The Animals (Scientific Procedures) Act of 1986 applies to anything done in the name of science that might cause "pain, suffering, distress or lasting harm" to animals. Routine tests, antiserum production and a host of small interferences occurring during behavioral or field studies are covered for the first time.
The law replaces the grimly-named Cruelty to Animals Act, which in 1876 was the first law of its kind in the world. In recent years many countries have adopted laws to correspond to the European Convention for the Protection of Vertebrate Animals Used for Experimental and Other Scientific Purposes.
Animals are defined as any creature with a backbone, although certain specified invertebrates may also be included. Vertebrate embryos are covered from mid-term, a definition that brings into the law, for example, scientists who work with hens' eggs.
The number of animals used in experimentation has fallen successively for the past nine years, reaching a low of 3 million in 1985. The new Act will lead to an apparent increase in such experimentation as it includes certain procedures previously excluded because the risk of pain was considered to be remote.
The Act also involves more people at each location. Its predecessor put virtually all responsibility on the working scientist (some 11,800 were licensed as of 1985), with little employer involvement. Now, while scientists still need authorization for specified procedures, they can conduct them only within a license held by someone with responsibility for the objectives of the work.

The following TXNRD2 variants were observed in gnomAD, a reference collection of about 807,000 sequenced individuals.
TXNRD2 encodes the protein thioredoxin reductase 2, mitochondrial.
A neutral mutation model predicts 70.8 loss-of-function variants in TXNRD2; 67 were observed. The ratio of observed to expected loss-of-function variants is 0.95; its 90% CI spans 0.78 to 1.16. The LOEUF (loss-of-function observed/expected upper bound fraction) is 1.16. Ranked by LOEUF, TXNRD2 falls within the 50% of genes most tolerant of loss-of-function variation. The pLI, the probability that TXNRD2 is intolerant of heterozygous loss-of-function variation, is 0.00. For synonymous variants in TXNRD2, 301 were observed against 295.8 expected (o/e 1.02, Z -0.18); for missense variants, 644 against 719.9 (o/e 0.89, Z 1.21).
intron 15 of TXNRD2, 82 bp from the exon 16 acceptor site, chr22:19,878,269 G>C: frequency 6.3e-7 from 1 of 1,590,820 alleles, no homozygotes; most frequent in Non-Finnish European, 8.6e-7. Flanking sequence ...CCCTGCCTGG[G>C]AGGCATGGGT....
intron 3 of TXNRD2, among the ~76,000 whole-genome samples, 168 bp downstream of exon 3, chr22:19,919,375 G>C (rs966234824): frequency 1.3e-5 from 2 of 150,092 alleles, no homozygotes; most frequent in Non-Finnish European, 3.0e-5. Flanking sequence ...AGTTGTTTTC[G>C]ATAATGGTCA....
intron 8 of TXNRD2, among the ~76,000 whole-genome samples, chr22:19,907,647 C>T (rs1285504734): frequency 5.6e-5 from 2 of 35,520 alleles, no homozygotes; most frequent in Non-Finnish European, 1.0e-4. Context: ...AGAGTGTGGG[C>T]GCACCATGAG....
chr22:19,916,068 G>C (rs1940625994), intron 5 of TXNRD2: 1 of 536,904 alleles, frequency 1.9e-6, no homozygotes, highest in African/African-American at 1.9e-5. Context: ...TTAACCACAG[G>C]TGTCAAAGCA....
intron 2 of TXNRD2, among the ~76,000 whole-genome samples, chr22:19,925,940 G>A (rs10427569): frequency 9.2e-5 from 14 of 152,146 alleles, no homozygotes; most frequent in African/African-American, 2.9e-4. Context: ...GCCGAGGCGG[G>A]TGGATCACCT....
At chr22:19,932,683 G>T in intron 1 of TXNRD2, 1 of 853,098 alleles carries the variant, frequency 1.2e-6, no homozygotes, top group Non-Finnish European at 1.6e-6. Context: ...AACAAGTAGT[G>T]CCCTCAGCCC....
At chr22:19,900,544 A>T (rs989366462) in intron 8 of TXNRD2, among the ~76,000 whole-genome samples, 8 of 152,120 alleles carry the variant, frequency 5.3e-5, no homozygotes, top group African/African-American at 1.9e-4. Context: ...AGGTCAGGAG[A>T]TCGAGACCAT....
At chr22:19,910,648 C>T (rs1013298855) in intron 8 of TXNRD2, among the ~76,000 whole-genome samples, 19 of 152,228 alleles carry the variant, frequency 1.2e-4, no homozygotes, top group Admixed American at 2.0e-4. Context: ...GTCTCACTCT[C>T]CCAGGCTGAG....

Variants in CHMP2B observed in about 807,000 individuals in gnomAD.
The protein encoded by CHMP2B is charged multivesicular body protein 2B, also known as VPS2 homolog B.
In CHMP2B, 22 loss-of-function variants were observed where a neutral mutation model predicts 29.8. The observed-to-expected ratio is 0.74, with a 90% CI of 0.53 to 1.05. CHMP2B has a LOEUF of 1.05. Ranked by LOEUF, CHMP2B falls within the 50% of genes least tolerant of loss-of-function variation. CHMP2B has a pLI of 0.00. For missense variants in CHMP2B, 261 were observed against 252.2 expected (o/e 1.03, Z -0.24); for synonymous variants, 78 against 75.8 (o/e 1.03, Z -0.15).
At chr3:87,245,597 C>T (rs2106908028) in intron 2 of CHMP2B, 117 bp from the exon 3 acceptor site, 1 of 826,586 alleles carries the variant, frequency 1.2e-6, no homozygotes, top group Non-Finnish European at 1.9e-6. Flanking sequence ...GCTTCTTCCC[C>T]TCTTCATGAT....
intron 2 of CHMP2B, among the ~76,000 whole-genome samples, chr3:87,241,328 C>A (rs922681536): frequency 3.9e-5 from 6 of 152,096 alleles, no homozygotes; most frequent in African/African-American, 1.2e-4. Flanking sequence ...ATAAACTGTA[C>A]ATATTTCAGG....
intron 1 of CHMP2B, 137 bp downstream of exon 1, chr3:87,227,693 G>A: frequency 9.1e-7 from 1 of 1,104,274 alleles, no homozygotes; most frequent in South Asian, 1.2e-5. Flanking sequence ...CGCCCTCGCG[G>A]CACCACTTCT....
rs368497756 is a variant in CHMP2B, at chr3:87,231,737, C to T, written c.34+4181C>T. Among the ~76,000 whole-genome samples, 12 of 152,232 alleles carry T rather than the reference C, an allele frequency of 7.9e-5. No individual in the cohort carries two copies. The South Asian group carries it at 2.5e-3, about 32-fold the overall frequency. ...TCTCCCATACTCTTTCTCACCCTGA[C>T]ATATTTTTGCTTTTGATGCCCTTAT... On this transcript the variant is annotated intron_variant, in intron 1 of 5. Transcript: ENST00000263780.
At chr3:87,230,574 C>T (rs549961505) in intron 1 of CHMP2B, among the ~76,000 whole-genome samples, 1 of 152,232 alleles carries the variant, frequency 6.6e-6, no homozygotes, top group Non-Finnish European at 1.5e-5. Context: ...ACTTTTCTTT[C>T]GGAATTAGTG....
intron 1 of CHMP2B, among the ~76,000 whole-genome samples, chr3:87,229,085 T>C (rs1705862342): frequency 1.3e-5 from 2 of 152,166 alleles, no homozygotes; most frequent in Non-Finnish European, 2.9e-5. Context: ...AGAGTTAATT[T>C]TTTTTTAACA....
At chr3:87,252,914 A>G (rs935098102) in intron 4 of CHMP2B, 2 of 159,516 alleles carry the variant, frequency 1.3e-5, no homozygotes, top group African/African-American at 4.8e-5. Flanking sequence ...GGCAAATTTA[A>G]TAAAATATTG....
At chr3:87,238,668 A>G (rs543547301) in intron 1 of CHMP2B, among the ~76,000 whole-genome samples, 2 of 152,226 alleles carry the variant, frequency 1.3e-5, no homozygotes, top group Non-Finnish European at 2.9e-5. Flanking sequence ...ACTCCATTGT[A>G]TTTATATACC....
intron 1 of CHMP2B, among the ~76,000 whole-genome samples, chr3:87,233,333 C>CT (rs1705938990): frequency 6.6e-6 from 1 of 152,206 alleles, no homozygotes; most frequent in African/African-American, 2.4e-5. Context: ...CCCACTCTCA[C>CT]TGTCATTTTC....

The organization, in order to obtain approval for the work to be conducted, must name a veterinarian or another "suitably qualified person" available for consultation on animal health, as well as someone "responsible for the day-to-day care of the animals." In Britain this person is usually a senior technician.
Animals bred for use in the laboratory are covered for the first time. Scientists are worried that the new law will raise research costs, and some question whether the result will mean better conditions for animals or simply an increase in recordkeeping.
The long-term impact of the new Act is not clear. It calls for a strengthened Animal Procedures Committee with direct responsibility to advise the government on animal care issues. In the past the committee simply responded to questions put to it. The Act gives the Secretary of State the authority to issue and approve specific codes of practice, and Parliament the power to have a specific code withdrawn or modified.
The possible extension of protection to invertebrates has also raised concern. It is widely assumed that the provision relates to cephalopods—squid and the like—but it could just as easily be applied to fruitflies or flatworms.